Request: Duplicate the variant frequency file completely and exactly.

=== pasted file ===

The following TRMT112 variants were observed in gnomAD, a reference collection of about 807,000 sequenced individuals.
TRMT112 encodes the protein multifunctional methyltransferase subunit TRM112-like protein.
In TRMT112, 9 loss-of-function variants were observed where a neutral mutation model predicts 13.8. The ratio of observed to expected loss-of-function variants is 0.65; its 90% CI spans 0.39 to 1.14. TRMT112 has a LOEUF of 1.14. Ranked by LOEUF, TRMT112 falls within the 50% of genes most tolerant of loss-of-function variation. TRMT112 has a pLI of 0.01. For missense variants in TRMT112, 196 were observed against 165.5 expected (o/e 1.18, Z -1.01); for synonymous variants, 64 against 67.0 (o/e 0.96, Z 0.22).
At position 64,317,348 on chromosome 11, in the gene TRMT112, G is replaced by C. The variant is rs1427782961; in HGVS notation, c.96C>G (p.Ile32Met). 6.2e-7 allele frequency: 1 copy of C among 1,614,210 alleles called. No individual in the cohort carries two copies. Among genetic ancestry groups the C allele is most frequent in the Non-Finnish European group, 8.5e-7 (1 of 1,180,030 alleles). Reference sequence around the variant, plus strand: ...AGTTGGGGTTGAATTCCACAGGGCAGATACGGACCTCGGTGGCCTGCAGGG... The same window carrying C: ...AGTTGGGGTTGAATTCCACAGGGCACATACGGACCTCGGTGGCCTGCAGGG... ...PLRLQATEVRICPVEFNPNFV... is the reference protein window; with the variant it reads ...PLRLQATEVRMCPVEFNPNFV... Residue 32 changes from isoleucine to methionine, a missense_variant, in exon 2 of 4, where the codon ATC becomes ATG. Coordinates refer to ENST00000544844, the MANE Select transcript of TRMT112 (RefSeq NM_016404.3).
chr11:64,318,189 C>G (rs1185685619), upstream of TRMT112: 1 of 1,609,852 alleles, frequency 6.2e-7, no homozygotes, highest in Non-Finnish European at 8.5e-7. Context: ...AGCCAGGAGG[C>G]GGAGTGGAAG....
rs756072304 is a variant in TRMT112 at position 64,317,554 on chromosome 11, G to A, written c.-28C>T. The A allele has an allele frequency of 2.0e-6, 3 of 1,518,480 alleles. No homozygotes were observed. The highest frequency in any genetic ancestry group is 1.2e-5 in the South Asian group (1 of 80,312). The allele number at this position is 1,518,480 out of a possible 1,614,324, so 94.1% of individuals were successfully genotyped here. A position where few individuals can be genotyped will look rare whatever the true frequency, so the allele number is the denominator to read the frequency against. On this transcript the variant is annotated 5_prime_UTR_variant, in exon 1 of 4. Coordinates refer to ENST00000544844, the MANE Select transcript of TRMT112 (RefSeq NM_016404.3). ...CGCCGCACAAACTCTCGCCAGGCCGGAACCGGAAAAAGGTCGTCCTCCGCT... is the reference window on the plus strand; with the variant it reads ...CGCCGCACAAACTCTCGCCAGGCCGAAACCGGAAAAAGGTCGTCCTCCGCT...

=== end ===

The following TRMT112 variants were observed in gnomAD, a reference collection of about 807,000 sequenced individuals.
TRMT112 encodes the protein multifunctional methyltransferase subunit TRM112-like protein.
In TRMT112, 9 loss-of-function variants were observed where a neutral mutation model predicts 13.8. The ratio of observed to expected loss-of-function variants is 0.65; its 90% CI spans 0.39 to 1.14. TRMT112 has a LOEUF of 1.14. Ranked by LOEUF, TRMT112 falls within the 50% of genes most tolerant of loss-of-function variation. TRMT112 has a pLI of 0.01. For missense variants in TRMT112, 196 were observed against 165.5 expected (o/e 1.18, Z -1.01); for synonymous variants, 64 against 67.0 (o/e 0.96, Z 0.22).
At position 64,317,348 on chromosome 11, in the gene TRMT112, G is replaced by C. The variant is rs1427782961; in HGVS notation, c.96C>G (p.Ile32Met). 6.2e-7 allele frequency: 1 copy of C among 1,614,210 alleles called. No individual in the cohort carries two copies. Among genetic ancestry groups the C allele is most frequent in the Non-Finnish European group, 8.5e-7 (1 of 1,180,030 alleles). Reference sequence around the variant, plus strand: ...AGTTGGGGTTGAATTCCACAGGGCAGATACGGACCTCGGTGGCCTGCAGGG... The same window carrying C: ...AGTTGGGGTTGAATTCCACAGGGCACATACGGACCTCGGTGGCCTGCAGGG... ...PLRLQATEVRICPVEFNPNFV... is the reference protein window; with the variant it reads ...PLRLQATEVRMCPVEFNPNFV... Residue 32 changes from isoleucine to methionine, a missense_variant, in exon 2 of 4, where the codon ATC becomes ATG. Coordinates refer to ENST00000544844, the MANE Select transcript of TRMT112 (RefSeq NM_016404.3).
chr11:64,318,189 C>G (rs1185685619), upstream of TRMT112: 1 of 1,609,852 alleles, frequency 6.2e-7, no homozygotes, highest in Non-Finnish European at 8.5e-7. Context: ...AGCCAGGAGG[C>G]GGAGTGGAAG....
rs756072304 is a variant in TRMT112 at position 64,317,554 on chromosome 11, G to A, written c.-28C>T. The A allele has an allele frequency of 2.0e-6, 3 of 1,518,480 alleles. No homozygotes were observed. The highest frequency in any genetic ancestry group is 1.2e-5 in the South Asian group (1 of 80,312). The allele number at this position is 1,518,480 out of a possible 1,614,324, so 94.1% of individuals were successfully genotyped here. A position where few individuals can be genotyped will look rare whatever the true frequency, so the allele number is the denominator to read the frequency against. On this transcript the variant is annotated 5_prime_UTR_variant, in exon 1 of 4. Coordinates refer to ENST00000544844, the MANE Select transcript of TRMT112 (RefSeq NM_016404.3). ...CGCCGCACAAACTCTCGCCAGGCCGGAACCGGAAAAAGGTCGTCCTCCGCT... is the reference window on the plus strand; with the variant it reads ...CGCCGCACAAACTCTCGCCAGGCCGAAACCGGAAAAAGGTCGTCCTCCGCT...